Telemedicine in the home improves patient outcomes and saves health care dollars

New Rochelle 19 April 2006By bringing state-of-the-art medical technology and expert physician care to patients in their homes or at local primary care centres, telehomecare is revolutionizing health care delivery, improving patient outcomes across a broad spectrum of diseases, and saving precious health care dollars and resources. The April 2006 Special Issue of Telemedicine and e-Health focuses on the promise, ongoing success, and future challenges of telehomecare.


"Advances in sensor and monitoring technology as well as communications have enabled health management at a distance", stated Charles Doarn, MBA, Co-Editor-in-Chief of the Journal and Associate Professor of Surgery and Biomedical Engineering, and Executive Director, Center for Surgical Innovation at the University of Cincinnati, Ohio. "Patients are now better informed and more willing to participate in the management of their health care. Home health care linked with telemedicine has become a necessary tool for health care in the 21st century."

Featured in this special issue is a paper that explores the potential for providing home telehealth outreach to rural communities and describes the results of a three-year pilot programme. In the study entitled, "Rural Outreach in Home Telehealth: Assessing Challenges and Reviewing Successes", more frequent patient monitoring had a direct effect on improving patient outcomes and led to approximately 145 fewer travel hours and 7500 fewer miles of nurse travel.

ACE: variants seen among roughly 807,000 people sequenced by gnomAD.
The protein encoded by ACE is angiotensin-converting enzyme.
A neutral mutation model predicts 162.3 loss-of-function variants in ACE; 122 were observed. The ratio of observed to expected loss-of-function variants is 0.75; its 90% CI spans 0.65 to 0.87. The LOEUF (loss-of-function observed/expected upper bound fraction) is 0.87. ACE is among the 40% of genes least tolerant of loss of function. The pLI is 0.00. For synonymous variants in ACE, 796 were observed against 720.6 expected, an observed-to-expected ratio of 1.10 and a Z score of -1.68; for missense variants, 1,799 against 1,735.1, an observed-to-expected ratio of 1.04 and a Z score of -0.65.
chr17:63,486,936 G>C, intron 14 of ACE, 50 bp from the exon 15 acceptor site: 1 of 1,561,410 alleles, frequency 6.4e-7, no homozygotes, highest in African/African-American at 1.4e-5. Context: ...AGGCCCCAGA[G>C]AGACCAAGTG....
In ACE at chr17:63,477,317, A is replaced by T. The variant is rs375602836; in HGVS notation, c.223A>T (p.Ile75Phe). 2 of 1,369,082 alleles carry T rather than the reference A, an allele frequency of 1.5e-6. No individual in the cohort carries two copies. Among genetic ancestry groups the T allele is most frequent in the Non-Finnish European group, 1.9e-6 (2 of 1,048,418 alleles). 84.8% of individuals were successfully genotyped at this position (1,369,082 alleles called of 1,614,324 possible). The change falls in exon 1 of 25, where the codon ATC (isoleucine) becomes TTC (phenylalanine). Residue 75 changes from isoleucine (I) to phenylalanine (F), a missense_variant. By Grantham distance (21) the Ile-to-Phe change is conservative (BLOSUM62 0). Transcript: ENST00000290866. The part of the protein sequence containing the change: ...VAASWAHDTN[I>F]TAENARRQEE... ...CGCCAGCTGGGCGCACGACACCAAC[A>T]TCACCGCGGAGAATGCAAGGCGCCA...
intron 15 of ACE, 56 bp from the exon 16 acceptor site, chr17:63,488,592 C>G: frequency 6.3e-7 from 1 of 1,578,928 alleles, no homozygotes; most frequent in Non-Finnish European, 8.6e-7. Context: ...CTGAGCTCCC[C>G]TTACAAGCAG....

Another exciting report describes the use of a digital tool for performing eye examinations for early detection of eye disease in patients with diabetes. Using a DigiScope, trained technicians in a primary care setting can perform these eye exams and teletransfer the images to ophthalmologists for review, giving many more patients easier access to regular, life-saving eye check-ups.

Other intriguing reports in this issue focus on the application of telerehabilitation for individuals with spinal cord injuries, home telehealth for adults with developmental disabilities, and the use of an infrared motion detection system to monitor the daily living activities of elderly people living in nursing homes.

Telemedicine Journal and e-Health, co-edited by Ronald Merrell, M.D., Professor of Surgery, and Director, Medical Informatics and Technology Applications Consortium at Virginia Commonwealth University in Richmond, and Charles Doarn, MBA, is an international, peer-reviewed journal combining medicine, telecommunications, and information technology. Published bimonthly in print and on-line, the Journal includes empirical research, descriptive case studies, policy analysis, and papers on technical design and communications protocols.

Telemedicine and e-Health is published by Mary Ann Liebert Inc. and is the official journal of the American Telemedicine Association. The papers in this special issue are available free on-line.

Leslie Versweyveld

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